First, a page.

Use this URL to cite or link to this record in EThOS: https://ethos.bl.uk/OrderDetails.do?uin=uk.bl.ethos.737999
Title: Slippages between the picture plane and the painting surface : an analysis, through my paintings, of specular highlights, proximal spaces and the Lacanian gaze
Author: Moloney, Donal
ISNI:       0000 0004 7226 2245
Awarding Body: University of the Arts London
Current Institution: University of the Arts London
Date of Award: 2015
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Abstract:
The aim of this practice-based research project is to examine how specular highlights and proximal spaces, when perceived through the Lacanian gaze, might confound our perception of Cartesian perspectivalism in representational painting. I will analyse and question such a combination of specific visual characteristics identified within three of my paintings and related theories of looking. Specifically, these include Hal Foster’s (1996: 138) reading of the ways in which the Lacanian ‘gaze’ disrupts Cartesian perspectivalism, Norman Bryson’s (1990: 71, 79) writing on the reversal of the ‘Albertian gaze’ and Arthur Faisman and Michael S. Langer’s (2013: 1) definition of ‘specular highlights’. By analysing and mapping theoretical concerns that come from close readings of three of my paintings I will investigate whether or not our perception of Cartesian perspectivalism can be somewhat confounded by these specific visual characteristics. I will also discuss how overloading the viewer with an excessive use of specular highlights could disrupt any underlying narratives within the paintings. This will be done by subsequently re-examining these theoretical concerns back through my painting practice, forming what Dean and Smith (2009: 19) have termed an ‘Iterative Cyclic Web’. My hypothesis is that these three paintings may be nexus for a particular oscillation between different ways of looking contained within the paintings I will discuss: looking through the surface, looking across the surface and a form of being looked at from inside the surface. This thesis will be underpinned by two interconnected elements. Firstly, there will be an exhibition of selected paintings I have made, together with painting experiments and supporting material. Secondly, chapters in this text will outline the theoretical analysis of my painting practice and the subsequent studio-based analysis of questions derived from the theoretical analysis. This thesis as a whole will closely follow a practice-based research methodology drawn from Katie MacLeod’s (2000: online) writing on ‘revealing a practice’. I will move back and forth between practice and writing as a method for analysing and developing a multifaceted response to my research question.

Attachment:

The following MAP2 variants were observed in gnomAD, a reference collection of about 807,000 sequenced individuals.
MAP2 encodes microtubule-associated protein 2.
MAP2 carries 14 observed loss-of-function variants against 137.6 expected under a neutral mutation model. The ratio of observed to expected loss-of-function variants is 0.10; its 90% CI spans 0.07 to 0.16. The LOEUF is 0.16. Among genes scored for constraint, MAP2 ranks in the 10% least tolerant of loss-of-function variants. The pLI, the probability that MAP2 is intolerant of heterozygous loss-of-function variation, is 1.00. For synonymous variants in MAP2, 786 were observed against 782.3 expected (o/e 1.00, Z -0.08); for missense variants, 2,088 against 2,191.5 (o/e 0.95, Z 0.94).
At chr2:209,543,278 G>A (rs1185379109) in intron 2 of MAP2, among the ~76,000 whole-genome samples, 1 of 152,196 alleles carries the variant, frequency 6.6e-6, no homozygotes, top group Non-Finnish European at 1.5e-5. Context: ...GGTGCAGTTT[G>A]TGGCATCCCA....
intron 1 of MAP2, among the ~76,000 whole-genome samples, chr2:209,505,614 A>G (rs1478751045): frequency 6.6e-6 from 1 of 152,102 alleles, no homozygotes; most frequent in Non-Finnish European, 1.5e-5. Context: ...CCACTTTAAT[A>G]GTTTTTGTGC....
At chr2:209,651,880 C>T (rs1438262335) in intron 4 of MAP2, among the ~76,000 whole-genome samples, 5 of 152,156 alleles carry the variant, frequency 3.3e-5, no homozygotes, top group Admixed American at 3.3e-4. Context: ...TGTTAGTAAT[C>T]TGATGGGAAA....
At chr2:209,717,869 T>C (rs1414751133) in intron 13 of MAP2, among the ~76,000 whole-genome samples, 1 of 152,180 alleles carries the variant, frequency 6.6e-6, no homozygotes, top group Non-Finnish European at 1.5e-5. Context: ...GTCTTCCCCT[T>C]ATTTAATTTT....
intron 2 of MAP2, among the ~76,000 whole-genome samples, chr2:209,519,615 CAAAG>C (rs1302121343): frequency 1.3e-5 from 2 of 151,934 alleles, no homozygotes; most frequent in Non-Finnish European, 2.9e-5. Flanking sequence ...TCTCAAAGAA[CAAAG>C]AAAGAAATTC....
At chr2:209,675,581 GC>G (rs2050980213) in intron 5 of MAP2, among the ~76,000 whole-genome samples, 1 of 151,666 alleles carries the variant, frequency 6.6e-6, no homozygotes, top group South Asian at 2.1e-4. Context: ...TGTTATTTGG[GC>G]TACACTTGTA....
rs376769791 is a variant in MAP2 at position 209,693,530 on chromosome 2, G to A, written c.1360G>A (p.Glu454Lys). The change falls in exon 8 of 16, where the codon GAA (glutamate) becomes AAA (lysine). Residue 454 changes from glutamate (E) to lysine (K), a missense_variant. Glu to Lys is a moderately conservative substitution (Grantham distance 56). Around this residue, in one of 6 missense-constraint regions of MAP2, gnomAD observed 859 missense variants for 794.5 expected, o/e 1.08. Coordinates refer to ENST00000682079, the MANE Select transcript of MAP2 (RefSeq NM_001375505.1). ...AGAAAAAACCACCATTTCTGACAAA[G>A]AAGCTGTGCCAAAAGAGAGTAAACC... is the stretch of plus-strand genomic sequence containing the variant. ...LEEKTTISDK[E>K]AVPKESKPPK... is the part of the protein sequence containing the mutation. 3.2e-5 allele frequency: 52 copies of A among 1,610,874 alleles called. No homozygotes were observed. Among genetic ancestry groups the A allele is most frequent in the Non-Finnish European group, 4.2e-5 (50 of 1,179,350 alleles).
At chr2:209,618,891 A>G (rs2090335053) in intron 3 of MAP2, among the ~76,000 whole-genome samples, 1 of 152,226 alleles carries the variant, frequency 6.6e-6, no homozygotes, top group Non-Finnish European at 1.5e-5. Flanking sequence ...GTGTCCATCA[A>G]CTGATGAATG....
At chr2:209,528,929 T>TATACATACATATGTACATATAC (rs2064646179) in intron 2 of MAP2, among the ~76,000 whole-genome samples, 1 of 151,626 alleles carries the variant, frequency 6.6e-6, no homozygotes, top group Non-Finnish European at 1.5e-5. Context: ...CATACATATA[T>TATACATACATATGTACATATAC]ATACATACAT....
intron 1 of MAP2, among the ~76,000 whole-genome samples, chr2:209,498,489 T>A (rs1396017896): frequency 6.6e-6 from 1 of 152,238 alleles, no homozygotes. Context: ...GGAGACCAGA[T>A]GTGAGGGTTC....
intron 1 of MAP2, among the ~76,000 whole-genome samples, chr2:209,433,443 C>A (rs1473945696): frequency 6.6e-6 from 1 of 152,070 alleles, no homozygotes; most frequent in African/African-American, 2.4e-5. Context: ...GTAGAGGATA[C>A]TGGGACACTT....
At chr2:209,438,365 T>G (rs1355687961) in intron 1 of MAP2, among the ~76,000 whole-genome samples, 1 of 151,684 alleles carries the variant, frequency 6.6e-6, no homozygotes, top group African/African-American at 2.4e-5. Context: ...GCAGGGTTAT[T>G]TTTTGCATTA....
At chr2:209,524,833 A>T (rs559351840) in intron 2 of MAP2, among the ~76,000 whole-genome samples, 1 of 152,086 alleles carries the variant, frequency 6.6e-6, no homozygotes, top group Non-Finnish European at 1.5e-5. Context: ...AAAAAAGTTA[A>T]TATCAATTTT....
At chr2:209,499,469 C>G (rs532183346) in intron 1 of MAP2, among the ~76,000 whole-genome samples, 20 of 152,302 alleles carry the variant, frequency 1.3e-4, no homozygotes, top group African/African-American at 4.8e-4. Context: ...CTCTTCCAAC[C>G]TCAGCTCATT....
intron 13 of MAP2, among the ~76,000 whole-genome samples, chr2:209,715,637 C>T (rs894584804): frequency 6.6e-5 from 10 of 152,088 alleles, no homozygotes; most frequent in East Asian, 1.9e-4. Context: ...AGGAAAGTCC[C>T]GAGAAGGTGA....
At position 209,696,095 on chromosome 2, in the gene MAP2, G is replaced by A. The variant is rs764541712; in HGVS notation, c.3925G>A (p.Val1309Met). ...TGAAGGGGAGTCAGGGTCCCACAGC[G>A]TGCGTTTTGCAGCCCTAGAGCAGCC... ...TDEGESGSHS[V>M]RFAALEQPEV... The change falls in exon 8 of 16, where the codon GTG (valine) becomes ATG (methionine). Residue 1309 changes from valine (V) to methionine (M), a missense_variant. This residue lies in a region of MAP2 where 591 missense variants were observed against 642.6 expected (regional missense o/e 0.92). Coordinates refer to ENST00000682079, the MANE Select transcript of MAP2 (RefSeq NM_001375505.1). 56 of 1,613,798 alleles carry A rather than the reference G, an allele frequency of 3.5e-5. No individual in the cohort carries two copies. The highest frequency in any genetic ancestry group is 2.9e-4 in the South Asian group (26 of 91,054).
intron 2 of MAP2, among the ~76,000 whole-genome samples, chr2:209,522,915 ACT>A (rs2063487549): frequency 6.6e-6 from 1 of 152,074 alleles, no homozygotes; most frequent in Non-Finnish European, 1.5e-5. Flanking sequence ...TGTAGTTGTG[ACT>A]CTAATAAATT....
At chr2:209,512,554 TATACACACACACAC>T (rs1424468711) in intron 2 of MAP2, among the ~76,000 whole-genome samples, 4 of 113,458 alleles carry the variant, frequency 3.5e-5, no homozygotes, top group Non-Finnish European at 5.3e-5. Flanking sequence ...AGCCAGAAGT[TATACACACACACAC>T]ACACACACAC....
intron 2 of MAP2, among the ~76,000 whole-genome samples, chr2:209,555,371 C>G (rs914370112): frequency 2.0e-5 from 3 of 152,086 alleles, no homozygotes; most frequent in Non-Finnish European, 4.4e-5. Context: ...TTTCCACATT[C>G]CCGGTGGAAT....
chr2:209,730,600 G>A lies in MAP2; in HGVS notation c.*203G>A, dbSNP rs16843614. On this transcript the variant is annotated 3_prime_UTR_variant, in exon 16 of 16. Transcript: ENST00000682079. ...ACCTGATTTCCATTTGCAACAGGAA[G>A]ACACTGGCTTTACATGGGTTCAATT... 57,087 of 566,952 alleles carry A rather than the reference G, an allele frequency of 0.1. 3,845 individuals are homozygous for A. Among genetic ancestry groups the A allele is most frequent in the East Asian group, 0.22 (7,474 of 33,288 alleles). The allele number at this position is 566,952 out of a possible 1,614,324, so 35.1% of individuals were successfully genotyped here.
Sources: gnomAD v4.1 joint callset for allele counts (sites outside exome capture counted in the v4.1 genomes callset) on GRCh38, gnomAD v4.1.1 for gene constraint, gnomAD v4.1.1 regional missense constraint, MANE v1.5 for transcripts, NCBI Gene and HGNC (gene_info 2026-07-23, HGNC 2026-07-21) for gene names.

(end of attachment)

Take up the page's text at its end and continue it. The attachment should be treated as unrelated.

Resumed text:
Supervisor: Not available Sponsor: Not available
Qualification Name: Thesis (Ph.D.) Qualification Level: Doctoral
EThOS ID: uk.bl.ethos.737999  DOI: Not available
Keywords: History of Art ; Painting
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